Browsing: Book Review

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This is primarily a tale of one heterosexual man’s obsessive love and even more obsessive jealousy for a woman he eventually dismisses as his social inferior: “To think that I wasted years of my life, that I wanted to die, that I had my greatest love, for a woman to whom I wasn’t attracted, who wasn’t my type!” (Yes, Proust’s “wit” is often classist.)

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Other Names is about far more than shifting attitudes about homosexuality or a troubled father-son relationship. It’s about what constitutes one’s identity. What does it mean to be Pakistani or British? To be a son? To be a gay man?

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Hound of the Baskervilles has some similarities to McOmber’s 2020 novel Jesus and John, in which the Apostle John and a newly resurrected Jesus try to escape from a labyrinthine villa in ancient Rome.

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These stories, in short, are a celebration of gay sex: not comradely affection, not romantic friendship, but actual gay sex. It’s good to have access to them as a reminder of what was possible a hundred years ago.

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This translation of Moldy Strawberries—forty years after it was first published—finally offers to English readers this important work of world queer literature.

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Brief reviews of the books A Short History of Queer Women, Brother Alive, Jazzed, and Love Poems of a Gay Nerd; and the album Bronco.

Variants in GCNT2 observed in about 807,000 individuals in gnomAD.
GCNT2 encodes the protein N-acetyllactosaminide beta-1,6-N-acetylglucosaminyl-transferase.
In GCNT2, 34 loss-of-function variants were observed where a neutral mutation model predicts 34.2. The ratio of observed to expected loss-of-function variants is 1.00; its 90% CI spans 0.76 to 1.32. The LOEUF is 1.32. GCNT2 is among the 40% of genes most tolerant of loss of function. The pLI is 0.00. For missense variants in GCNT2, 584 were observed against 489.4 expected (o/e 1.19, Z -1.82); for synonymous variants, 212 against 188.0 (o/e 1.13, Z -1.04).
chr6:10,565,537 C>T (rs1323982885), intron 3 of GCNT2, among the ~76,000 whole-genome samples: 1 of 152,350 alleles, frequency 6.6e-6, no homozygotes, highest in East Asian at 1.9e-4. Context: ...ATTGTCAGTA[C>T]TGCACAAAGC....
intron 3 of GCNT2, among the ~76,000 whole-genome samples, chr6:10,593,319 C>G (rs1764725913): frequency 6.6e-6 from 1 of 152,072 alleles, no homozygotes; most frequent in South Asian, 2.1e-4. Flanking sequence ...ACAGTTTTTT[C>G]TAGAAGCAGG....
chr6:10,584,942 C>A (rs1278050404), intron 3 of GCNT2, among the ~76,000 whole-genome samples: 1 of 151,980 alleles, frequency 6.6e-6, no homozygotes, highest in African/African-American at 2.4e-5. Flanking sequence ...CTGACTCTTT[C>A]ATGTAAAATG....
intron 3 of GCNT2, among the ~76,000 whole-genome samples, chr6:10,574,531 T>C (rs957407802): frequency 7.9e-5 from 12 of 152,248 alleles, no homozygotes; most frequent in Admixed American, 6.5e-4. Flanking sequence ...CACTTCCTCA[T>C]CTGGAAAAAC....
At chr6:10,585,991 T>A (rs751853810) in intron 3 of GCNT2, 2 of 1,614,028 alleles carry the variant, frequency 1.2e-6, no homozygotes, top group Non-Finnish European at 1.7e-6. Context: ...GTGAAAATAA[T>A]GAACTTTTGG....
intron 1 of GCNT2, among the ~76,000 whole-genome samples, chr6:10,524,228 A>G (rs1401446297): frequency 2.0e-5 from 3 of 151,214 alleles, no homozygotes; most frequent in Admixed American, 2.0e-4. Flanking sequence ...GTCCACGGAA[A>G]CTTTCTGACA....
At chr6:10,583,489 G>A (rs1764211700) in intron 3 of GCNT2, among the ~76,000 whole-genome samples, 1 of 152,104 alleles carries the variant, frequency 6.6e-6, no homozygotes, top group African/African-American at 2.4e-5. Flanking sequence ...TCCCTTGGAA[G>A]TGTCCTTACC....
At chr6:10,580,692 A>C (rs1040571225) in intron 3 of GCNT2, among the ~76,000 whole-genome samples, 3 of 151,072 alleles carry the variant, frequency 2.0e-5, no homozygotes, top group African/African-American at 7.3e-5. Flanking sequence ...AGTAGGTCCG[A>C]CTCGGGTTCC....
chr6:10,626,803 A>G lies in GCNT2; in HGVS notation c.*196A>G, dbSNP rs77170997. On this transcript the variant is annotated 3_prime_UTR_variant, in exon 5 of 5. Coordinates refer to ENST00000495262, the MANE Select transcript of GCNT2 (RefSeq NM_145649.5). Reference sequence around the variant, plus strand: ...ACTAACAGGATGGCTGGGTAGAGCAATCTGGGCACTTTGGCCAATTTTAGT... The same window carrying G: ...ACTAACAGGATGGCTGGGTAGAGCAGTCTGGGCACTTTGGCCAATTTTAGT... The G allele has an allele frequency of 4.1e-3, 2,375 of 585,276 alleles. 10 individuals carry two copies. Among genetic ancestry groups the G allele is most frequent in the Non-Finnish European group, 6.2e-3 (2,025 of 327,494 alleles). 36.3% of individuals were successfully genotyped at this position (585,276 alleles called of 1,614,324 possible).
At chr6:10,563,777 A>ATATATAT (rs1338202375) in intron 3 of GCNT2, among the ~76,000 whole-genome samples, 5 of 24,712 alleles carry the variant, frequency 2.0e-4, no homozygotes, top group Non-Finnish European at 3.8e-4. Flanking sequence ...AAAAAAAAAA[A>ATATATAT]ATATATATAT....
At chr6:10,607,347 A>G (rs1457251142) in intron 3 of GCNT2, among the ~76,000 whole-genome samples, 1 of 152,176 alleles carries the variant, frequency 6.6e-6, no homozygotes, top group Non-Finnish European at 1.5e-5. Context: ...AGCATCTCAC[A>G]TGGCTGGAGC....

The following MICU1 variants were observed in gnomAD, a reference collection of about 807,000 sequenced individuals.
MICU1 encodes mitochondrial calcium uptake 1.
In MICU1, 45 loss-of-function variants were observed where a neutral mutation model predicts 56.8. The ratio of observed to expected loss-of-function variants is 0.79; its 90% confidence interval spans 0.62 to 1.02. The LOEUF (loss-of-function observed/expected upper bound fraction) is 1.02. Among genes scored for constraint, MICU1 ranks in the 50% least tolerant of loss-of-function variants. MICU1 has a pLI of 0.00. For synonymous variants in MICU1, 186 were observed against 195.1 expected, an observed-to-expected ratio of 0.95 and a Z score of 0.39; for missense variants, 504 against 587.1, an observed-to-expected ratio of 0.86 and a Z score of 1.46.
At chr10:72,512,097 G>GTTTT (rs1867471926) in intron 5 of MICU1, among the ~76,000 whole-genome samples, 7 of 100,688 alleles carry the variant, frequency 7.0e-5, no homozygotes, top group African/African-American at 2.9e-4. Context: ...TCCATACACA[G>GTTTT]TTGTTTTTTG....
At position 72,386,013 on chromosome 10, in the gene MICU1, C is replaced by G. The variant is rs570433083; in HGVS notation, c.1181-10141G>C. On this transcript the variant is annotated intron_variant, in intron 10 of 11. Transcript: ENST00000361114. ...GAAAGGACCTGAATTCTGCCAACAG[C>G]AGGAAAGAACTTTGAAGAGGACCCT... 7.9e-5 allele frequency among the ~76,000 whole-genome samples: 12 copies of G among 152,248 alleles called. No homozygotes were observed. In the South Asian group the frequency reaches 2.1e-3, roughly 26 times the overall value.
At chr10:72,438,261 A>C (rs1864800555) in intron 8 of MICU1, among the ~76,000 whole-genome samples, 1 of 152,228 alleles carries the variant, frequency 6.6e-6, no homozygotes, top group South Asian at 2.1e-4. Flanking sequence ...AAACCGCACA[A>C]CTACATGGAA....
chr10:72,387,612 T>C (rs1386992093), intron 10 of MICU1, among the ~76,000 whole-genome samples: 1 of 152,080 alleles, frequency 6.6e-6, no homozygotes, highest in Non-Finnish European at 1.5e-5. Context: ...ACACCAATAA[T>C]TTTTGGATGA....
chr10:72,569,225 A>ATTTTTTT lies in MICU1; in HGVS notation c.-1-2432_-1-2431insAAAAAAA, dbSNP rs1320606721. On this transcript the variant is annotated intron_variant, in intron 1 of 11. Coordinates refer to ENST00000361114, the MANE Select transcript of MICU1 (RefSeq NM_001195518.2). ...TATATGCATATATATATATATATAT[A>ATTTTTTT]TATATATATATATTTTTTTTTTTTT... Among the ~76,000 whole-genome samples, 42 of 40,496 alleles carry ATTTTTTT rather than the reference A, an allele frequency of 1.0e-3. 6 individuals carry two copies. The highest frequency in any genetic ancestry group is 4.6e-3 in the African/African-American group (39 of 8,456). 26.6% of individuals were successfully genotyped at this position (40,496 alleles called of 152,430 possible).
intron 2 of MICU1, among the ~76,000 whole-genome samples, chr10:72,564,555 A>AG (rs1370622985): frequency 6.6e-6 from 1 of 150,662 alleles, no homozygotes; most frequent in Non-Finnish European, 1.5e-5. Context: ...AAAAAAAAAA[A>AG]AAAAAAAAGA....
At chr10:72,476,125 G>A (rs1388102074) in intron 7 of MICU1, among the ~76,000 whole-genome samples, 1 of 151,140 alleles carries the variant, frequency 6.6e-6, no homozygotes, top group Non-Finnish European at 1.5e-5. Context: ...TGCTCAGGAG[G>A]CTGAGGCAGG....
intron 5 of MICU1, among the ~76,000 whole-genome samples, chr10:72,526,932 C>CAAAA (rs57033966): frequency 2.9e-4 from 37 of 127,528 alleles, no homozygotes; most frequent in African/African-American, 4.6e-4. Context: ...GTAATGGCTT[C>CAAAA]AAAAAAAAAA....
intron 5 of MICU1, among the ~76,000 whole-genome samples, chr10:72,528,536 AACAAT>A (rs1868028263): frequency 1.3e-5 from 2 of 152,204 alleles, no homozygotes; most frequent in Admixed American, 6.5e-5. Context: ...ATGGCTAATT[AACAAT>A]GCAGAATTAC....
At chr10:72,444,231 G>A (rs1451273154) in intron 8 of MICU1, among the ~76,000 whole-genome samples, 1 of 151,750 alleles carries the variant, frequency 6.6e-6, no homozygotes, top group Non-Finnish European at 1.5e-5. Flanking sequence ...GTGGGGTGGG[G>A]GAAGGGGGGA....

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LONNEKE GEERLINGS opens her biography of Rosey E. Pool, I Lay This Body Down, by depicting her subject getting off a cattle car destined for Auschwitz. Convincing the authorities that she was a guard who had lost her identifying armband, combined with her fluent German, served to win her a temporary reprieve. In any event, this quick-witted evasion both saved her life and forever marked her with survivor’s guilt.

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I have devoured Jack Fritscher’s writing in all its forms since the 1970s, so I am well acquainted with his vast knowledge not only of the leather community but of pop culture in general, his muscular prose style, his engaging wit and humor, his fervid dedication to Leathermen and Leatherwomen around the world, and his commitment to preserving gay history. Even so, Profiles in Gay Courage astonished me with its depth of feeling and its perfect reconstruction of that glorious, heartbreaking time before …

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Lorca’s status as a gay man is treated thoroughly and from some unusual angles. The author asks what it means for Lorca to be a gay icon when he was not officially out during his lifetime, and very little of his written work has anything resembling a gay theme.

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Ocampo’s conclusion is poignantly bittersweet: “the survival of the second-generation gay men took the form of suppression, assimilation, and overachievement.” However, these are the brown gay men who have succeeded.

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